Jul 1, 2023 - Economy

The good and the bad about Canada's startup scene

Illustration of a Canadian flag on a field of squares and rectangles

Illustration: Natalie Peeples/Axios

In a fancy Toronto hotel on Wednesday, Canadian investor John Ruffolo introduced me to Martin Basiri, a young immigrant and entrepreneur who just raised $40 million in seed funding for his second startup. In 2021, his first one became one of the country’s 21 "unicorns."

Why it matters: Canada may have famous tech companies like Blackberry and Shopify, but its startup and venture capital industry remains relatively small, fragmented and timid.

  • While he’d be a common occurrence in Silicon Valley, Basiri is a rare successful serial entrepreneur in Canada.

Zooming in: I spent the week picking the brains of various Canadian VCs about the state of their industry. My takeaways:

  • Fragmentation: Canada’s startup hubs tend to keep to themselves. Even English-speaking markets like Toronto and Vancouver aren’t as integrated as they could be, investors admit.
  • Small and young: Modern American VC goes back several decades, but Canada's was born in the 21st century (at least according to investors I spoke with). Even its most established firms like Inovia Capital and Real Ventures are less than 20 years old, and not immune to challenges.
  • Government LPs: Various government entities invest in Canadian venture funds, and while they can help emerging managers get off the ground, the benefit-detriment ratio remains unclear. Notably, these investment programs tend to be aimed at economic development, and thus come with mandates that the funds invest locally (or at least have a partner based in a particular location).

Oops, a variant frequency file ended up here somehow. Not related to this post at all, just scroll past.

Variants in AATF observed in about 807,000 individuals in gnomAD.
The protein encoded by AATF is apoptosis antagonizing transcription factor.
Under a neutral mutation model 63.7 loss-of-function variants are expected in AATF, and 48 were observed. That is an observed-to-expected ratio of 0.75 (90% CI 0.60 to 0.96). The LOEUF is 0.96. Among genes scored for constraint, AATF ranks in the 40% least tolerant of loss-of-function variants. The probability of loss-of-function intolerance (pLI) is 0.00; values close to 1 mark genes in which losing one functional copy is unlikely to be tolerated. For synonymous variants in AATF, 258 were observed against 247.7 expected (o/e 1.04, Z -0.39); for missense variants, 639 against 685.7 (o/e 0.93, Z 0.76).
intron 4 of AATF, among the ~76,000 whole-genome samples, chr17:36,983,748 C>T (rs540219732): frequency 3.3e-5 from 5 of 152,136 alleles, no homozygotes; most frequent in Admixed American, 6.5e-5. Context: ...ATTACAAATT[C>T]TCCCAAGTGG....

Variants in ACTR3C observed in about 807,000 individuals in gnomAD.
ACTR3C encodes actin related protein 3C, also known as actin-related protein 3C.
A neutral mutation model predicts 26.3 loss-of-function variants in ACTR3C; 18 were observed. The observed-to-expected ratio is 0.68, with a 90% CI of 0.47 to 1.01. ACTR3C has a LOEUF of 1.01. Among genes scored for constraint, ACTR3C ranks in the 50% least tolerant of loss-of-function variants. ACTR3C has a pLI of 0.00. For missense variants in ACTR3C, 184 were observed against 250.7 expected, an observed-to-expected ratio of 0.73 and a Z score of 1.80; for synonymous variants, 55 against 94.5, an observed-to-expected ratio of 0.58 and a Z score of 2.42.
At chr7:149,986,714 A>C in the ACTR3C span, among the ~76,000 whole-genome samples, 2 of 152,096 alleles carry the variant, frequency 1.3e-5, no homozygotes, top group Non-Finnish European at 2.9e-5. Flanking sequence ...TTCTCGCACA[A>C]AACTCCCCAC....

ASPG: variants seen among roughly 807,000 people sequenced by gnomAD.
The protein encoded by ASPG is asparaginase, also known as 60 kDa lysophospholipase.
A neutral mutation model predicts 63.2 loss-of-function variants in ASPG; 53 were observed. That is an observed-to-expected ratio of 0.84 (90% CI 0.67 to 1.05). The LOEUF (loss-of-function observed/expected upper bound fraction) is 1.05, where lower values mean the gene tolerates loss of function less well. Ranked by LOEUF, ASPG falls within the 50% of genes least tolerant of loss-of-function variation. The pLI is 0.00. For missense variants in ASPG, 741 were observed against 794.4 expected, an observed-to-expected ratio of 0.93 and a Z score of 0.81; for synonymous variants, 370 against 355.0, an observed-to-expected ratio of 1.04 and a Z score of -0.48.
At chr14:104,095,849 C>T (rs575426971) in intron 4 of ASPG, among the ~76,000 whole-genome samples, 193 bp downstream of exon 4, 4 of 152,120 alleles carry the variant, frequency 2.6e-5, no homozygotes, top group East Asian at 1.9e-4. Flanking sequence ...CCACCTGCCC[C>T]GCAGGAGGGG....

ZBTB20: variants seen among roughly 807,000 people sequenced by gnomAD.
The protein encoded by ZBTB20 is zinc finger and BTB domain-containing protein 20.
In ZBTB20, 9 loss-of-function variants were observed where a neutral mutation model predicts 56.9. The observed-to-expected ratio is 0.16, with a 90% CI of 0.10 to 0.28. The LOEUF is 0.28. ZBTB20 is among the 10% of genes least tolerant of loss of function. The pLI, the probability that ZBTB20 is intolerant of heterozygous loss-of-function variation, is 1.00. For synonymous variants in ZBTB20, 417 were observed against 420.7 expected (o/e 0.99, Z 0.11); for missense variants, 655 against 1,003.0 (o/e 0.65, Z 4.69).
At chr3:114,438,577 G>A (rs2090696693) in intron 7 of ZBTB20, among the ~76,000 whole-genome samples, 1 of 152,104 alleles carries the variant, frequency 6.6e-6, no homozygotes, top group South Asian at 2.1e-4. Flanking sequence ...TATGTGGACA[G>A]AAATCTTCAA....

• U.S. inspiration: Especially in the English-speaking startup hubs, there’s a clear desire to emulate at least some parts of the American VC industry. A number of investors have spent part of their careers as investors or startup founders in Silicon Valley, and now try to run their firms in many of the same ways — including seeking out nongovernment capital, and advising entrepreneurs to travel to California and New York for fundraising and networking.

Between the lines: Canada's proximity to the U.S. is both a benefit and a detriment.

  • Top Canadian startups can easily hop on a plane to fundraise from American investors, while Canadian VCs can do the same to invest in American startups — instead of being limited to their country's market.
  • But it does also create more competition for Canadian VCs. And Canadian startups may have a harder time getting the attention of U.S. investors, who are already inundated with local companies clamoring for their capital.

The bottom line: Many believe their country's venture industry needs to get more ambitious and up its game.

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